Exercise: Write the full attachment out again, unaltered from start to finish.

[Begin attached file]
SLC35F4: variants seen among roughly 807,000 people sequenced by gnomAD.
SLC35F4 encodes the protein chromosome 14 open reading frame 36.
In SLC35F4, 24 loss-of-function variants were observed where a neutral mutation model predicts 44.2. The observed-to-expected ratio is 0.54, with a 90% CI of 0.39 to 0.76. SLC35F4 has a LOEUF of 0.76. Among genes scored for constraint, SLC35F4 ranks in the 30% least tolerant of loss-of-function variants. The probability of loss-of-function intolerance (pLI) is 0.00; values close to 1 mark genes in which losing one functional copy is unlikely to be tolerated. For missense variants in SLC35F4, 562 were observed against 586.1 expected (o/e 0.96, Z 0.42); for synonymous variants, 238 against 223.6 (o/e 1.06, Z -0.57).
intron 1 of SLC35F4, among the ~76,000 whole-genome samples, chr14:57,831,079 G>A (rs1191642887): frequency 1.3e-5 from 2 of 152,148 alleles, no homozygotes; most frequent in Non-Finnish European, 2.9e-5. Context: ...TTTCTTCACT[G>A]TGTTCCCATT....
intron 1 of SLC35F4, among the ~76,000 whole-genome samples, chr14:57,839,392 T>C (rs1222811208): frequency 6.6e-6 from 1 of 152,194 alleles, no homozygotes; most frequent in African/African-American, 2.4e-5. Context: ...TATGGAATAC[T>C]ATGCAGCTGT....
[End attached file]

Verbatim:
SLC35F4: variants seen among roughly 807,000 people sequenced by gnomAD.
SLC35F4 encodes the protein chromosome 14 open reading frame 36.
In SLC35F4, 24 loss-of-function variants were observed where a neutral mutation model predicts 44.2. The observed-to-expected ratio is 0.54, with a 90% CI of 0.39 to 0.76. SLC35F4 has a LOEUF of 0.76. Among genes scored for constraint, SLC35F4 ranks in the 30% least tolerant of loss-of-function variants. The probability of loss-of-function intolerance (pLI) is 0.00; values close to 1 mark genes in which losing one functional copy is unlikely to be tolerated. For missense variants in SLC35F4, 562 were observed against 586.1 expected (o/e 0.96, Z 0.42); for synonymous variants, 238 against 223.6 (o/e 1.06, Z -0.57).
intron 1 of SLC35F4, among the ~76,000 whole-genome samples, chr14:57,831,079 G>A (rs1191642887): frequency 1.3e-5 from 2 of 152,148 alleles, no homozygotes; most frequent in Non-Finnish European, 2.9e-5. Context: ...TTTCTTCACT[G>A]TGTTCCCATT....
intron 1 of SLC35F4, among the ~76,000 whole-genome samples, chr14:57,839,392 T>C (rs1222811208): frequency 6.6e-6 from 1 of 152,194 alleles, no homozygotes; most frequent in African/African-American, 2.4e-5. Context: ...TATGGAATAC[T>C]ATGCAGCTGT....